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Title: Light propagation in a neutron detector based on 6Li glass scintillator particles in an organic matrix

Abstract

Composite materials consisting of 6Li scintillator particles in an organic matrix can enable thermal neutron detectors with excellent rejection of gamma-ray backgrounds. The efficiency of transporting scintillation light through such a composite is critical to the detector performance. This optical raytracing study of a composite thermal neutron detector quantifies the various sources of scintillation light loss and identifies favorable photomultiplier tube (PMT) readout schemes. The composite material consisted of scintillator cubes within an organic matrix shaped as a right cylinder. The cylinder surface was surrounded by an optical reflector, and the light was detected by PMTs attached to the cylinder end faces. A reflector in direct contact with the composite caused 53% loss of scintillation light. This loss was reduced 8-fold by creating an air gap between the composite and the reflector to allow a fraction of the scintillation light to propagate by total internal reflection. Replacing a liquid mineral oil matrix with a solid acrylic matrix decreased the light transport efficiency by only ~10% for the benefit of creating an all-solid-state device. The light propagation loss was found to scale exponentially with the distance between the scintillation event and the PMT along the cylinder main axis. This enabled amore » PMT readout scheme that corrects for light propagation loss on an event-by-event basis and achieved a 4.0% energy resolution that approached Poisson-limited performance. These results demonstrate that composite materials can enable practical thermal neutron detectors for a wide range of nuclear non-proliferation and safeguard applications.« less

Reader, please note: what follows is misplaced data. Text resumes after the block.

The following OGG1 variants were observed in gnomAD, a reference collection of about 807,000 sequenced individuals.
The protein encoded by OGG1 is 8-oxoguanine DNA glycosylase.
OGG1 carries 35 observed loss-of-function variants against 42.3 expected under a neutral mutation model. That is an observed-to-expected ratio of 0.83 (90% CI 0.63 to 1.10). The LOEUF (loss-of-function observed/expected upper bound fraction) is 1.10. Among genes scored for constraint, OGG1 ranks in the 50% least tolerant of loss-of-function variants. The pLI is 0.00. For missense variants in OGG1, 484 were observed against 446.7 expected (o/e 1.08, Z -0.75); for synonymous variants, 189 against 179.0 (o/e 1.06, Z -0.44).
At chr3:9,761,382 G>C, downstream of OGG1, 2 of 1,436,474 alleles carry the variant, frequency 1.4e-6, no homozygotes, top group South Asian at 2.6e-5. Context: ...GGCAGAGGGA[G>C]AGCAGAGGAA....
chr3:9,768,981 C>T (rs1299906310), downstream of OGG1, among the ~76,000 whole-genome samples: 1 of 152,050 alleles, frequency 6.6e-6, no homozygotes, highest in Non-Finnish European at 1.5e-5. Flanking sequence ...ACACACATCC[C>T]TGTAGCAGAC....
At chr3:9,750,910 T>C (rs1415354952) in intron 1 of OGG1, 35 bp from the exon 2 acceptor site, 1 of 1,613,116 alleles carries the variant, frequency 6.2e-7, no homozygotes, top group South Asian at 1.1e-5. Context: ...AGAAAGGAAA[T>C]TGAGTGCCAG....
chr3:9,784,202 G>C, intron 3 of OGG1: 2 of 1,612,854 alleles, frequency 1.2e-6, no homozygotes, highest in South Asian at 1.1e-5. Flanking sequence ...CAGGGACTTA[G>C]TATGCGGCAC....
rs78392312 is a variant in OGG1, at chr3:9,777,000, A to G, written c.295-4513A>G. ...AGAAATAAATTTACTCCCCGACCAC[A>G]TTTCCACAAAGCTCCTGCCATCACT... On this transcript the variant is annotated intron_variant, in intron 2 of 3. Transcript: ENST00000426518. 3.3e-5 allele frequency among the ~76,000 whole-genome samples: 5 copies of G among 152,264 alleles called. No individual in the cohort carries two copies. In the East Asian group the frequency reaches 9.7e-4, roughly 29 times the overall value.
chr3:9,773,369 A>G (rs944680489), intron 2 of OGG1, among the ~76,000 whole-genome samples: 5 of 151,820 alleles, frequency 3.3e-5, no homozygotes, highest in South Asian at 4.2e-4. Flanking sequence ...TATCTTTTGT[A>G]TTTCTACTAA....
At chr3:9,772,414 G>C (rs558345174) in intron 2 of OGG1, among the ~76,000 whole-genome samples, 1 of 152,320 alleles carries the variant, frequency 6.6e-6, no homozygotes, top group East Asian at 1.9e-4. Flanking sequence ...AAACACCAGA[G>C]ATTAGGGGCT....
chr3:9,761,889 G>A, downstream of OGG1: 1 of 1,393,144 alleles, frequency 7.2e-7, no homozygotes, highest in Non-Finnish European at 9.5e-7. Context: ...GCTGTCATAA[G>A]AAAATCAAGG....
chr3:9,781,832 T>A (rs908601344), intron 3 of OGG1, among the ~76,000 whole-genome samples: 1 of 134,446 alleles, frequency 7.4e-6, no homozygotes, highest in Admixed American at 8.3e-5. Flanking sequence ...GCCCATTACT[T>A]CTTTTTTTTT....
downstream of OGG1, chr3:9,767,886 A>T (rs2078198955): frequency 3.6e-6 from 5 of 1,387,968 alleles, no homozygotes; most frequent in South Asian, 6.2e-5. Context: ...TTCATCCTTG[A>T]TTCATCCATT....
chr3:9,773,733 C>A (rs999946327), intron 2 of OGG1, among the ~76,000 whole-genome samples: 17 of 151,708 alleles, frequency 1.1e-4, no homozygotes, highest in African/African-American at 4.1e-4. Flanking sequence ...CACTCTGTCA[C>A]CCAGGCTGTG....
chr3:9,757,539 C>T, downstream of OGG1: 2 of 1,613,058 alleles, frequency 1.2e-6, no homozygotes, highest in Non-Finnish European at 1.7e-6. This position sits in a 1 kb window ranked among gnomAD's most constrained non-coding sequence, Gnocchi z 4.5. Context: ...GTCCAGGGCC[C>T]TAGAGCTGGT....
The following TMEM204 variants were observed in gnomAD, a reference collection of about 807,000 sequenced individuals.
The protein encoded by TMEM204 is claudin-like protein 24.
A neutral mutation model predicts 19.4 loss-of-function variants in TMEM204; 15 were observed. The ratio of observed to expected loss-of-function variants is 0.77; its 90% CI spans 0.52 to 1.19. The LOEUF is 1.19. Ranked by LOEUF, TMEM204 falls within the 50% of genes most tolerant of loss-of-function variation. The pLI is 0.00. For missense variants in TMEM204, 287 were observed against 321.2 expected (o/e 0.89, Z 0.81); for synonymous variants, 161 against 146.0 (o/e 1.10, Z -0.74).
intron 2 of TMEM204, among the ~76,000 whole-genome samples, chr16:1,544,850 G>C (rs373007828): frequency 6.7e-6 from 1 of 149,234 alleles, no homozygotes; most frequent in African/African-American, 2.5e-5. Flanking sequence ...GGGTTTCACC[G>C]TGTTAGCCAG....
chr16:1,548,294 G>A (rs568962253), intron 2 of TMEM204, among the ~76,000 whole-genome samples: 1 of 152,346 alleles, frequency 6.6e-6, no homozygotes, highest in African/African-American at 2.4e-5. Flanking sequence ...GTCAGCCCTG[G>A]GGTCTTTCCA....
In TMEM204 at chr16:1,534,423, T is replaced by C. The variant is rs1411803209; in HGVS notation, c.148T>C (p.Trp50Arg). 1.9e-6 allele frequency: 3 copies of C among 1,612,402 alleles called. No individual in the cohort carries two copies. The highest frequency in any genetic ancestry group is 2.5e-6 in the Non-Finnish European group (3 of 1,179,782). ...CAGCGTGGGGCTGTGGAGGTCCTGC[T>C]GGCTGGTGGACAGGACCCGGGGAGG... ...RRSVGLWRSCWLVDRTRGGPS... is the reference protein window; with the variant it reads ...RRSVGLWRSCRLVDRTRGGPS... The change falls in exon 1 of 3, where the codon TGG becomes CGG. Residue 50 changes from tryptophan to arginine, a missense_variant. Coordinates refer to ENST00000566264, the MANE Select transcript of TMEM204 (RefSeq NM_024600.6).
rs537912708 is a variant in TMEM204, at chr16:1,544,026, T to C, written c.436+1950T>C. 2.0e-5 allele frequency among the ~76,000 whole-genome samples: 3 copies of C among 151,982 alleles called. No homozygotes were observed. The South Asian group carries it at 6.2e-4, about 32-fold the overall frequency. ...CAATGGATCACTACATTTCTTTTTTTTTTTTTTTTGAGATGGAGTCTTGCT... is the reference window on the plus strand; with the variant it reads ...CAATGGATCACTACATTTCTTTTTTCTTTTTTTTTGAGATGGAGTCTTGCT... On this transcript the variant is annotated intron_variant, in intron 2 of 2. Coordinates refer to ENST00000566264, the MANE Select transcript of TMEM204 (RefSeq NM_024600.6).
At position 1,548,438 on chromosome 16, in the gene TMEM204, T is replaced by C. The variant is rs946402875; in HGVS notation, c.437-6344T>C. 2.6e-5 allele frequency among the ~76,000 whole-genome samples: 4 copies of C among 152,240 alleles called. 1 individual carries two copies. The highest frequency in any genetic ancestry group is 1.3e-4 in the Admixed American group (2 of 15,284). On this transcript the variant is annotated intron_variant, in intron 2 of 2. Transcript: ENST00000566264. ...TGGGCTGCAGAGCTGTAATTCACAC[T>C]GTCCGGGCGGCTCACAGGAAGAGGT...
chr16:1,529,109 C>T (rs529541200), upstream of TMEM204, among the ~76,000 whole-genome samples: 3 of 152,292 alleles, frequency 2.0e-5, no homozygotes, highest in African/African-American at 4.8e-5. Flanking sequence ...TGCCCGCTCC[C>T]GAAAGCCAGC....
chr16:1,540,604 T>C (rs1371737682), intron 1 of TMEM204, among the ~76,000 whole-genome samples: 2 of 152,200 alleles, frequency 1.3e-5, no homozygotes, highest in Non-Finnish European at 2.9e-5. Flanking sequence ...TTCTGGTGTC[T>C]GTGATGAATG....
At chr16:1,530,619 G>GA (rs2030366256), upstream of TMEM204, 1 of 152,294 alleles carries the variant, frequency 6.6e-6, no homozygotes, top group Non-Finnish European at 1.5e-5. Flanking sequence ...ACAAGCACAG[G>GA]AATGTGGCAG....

Authors:
ORCiD logo [1];  [1];  [1];  [1];  [1]
  1. Los Alamos National Lab. (LANL), Los Alamos, NM (United States)
Publication Date:
Research Org.:
Los Alamos National Lab. (LANL), Los Alamos, NM (United States)
Sponsoring Org.:
USDOE National Nuclear Security Administration (NNSA), Office of Defense Nuclear Nonproliferation (NA-20)
OSTI Identifier:
1477701
Alternate Identifier(s):
OSTI ID: 1474776
Report Number(s):
LA-UR-18-25954
Journal ID: ISSN 0021-8979
Grant/Contract Number:  
AC52-06NA25396
Resource Type:
Journal Article: Accepted Manuscript
Journal Name:
Journal of Applied Physics
Additional Journal Information:
Journal Volume: 124; Journal Issue: 12; Journal ID: ISSN 0021-8979
Publisher:
American Institute of Physics (AIP)
Country of Publication:
United States
Language:
English
Subject:
46 INSTRUMENTATION RELATED TO NUCLEAR SCIENCE AND TECHNOLOGY; photocathodes; gamma rays; optical reflectors; photomultipliers; scintillators; neutron detectors; composite materials; luminescence; solid-state devices

Citation Formats

Hehlen, Markus P., Wiggins, Brenden W., Favalli, Andrea, Iliev, Metodi, and Ianakiev, Kiril D. Light propagation in a neutron detector based on 6Li glass scintillator particles in an organic matrix. United States: N. p., 2018. Web. doi:10.1063/1.5047433.
Hehlen, Markus P., Wiggins, Brenden W., Favalli, Andrea, Iliev, Metodi, & Ianakiev, Kiril D. Light propagation in a neutron detector based on 6Li glass scintillator particles in an organic matrix. United States. doi:10.1063/1.5047433.
Hehlen, Markus P., Wiggins, Brenden W., Favalli, Andrea, Iliev, Metodi, and Ianakiev, Kiril D. Fri . "Light propagation in a neutron detector based on 6Li glass scintillator particles in an organic matrix". United States. doi:10.1063/1.5047433. https://www.osti.gov/servlets/purl/1477701.